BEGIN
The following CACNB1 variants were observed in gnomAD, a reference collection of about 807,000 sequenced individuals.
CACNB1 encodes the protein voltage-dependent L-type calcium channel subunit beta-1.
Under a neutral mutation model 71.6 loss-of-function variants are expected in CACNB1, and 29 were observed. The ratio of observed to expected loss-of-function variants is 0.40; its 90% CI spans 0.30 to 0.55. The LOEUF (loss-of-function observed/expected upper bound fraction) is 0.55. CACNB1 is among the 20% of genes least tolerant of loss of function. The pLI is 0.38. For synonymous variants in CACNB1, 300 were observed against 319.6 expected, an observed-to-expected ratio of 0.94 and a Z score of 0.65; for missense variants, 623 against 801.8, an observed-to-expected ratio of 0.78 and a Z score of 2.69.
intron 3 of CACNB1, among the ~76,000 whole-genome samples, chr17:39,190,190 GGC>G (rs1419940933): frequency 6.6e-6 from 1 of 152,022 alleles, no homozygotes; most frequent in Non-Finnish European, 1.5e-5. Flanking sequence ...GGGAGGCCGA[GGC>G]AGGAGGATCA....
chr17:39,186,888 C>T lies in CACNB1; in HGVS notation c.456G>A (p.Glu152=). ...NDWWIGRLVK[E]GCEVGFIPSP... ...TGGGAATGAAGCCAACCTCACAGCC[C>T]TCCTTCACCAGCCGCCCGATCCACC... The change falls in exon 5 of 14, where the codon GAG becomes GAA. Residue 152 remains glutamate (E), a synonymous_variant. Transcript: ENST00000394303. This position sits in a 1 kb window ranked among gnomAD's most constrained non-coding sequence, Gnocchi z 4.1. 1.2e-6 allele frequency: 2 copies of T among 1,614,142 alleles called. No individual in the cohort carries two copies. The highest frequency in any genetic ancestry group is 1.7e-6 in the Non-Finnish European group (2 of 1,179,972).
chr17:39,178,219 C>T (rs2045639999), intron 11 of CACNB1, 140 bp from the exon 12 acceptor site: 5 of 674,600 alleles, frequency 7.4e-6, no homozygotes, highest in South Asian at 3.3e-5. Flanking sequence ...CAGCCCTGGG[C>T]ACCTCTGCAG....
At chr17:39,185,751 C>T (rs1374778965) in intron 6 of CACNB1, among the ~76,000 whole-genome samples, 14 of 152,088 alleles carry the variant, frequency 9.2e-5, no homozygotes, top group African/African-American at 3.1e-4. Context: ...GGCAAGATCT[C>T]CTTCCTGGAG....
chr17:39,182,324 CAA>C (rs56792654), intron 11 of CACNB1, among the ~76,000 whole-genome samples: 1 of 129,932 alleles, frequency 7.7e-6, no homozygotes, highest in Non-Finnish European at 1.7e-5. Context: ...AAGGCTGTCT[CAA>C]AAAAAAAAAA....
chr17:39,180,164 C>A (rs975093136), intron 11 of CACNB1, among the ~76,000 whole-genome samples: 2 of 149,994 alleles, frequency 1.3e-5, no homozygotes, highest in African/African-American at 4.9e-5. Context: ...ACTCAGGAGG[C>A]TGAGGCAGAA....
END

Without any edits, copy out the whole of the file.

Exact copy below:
The following CACNB1 variants were observed in gnomAD, a reference collection of about 807,000 sequenced individuals.
CACNB1 encodes the protein voltage-dependent L-type calcium channel subunit beta-1.
Under a neutral mutation model 71.6 loss-of-function variants are expected in CACNB1, and 29 were observed. The ratio of observed to expected loss-of-function variants is 0.40; its 90% CI spans 0.30 to 0.55. The LOEUF (loss-of-function observed/expected upper bound fraction) is 0.55. CACNB1 is among the 20% of genes least tolerant of loss of function. The pLI is 0.38. For synonymous variants in CACNB1, 300 were observed against 319.6 expected, an observed-to-expected ratio of 0.94 and a Z score of 0.65; for missense variants, 623 against 801.8, an observed-to-expected ratio of 0.78 and a Z score of 2.69.
intron 3 of CACNB1, among the ~76,000 whole-genome samples, chr17:39,190,190 GGC>G (rs1419940933): frequency 6.6e-6 from 1 of 152,022 alleles, no homozygotes; most frequent in Non-Finnish European, 1.5e-5. Flanking sequence ...GGGAGGCCGA[GGC>G]AGGAGGATCA....
chr17:39,186,888 C>T lies in CACNB1; in HGVS notation c.456G>A (p.Glu152=). ...NDWWIGRLVK[E]GCEVGFIPSP... ...TGGGAATGAAGCCAACCTCACAGCC[C>T]TCCTTCACCAGCCGCCCGATCCACC... The change falls in exon 5 of 14, where the codon GAG becomes GAA. Residue 152 remains glutamate (E), a synonymous_variant. Transcript: ENST00000394303. This position sits in a 1 kb window ranked among gnomAD's most constrained non-coding sequence, Gnocchi z 4.1. 1.2e-6 allele frequency: 2 copies of T among 1,614,142 alleles called. No individual in the cohort carries two copies. The highest frequency in any genetic ancestry group is 1.7e-6 in the Non-Finnish European group (2 of 1,179,972).
chr17:39,178,219 C>T (rs2045639999), intron 11 of CACNB1, 140 bp from the exon 12 acceptor site: 5 of 674,600 alleles, frequency 7.4e-6, no homozygotes, highest in South Asian at 3.3e-5. Flanking sequence ...CAGCCCTGGG[C>T]ACCTCTGCAG....
At chr17:39,185,751 C>T (rs1374778965) in intron 6 of CACNB1, among the ~76,000 whole-genome samples, 14 of 152,088 alleles carry the variant, frequency 9.2e-5, no homozygotes, top group African/African-American at 3.1e-4. Context: ...GGCAAGATCT[C>T]CTTCCTGGAG....
chr17:39,182,324 CAA>C (rs56792654), intron 11 of CACNB1, among the ~76,000 whole-genome samples: 1 of 129,932 alleles, frequency 7.7e-6, no homozygotes, highest in Non-Finnish European at 1.7e-5. Context: ...AAGGCTGTCT[CAA>C]AAAAAAAAAA....
chr17:39,180,164 C>A (rs975093136), intron 11 of CACNB1, among the ~76,000 whole-genome samples: 2 of 149,994 alleles, frequency 1.3e-5, no homozygotes, highest in African/African-American at 4.9e-5. Context: ...ACTCAGGAGG[C>A]TGAGGCAGAA....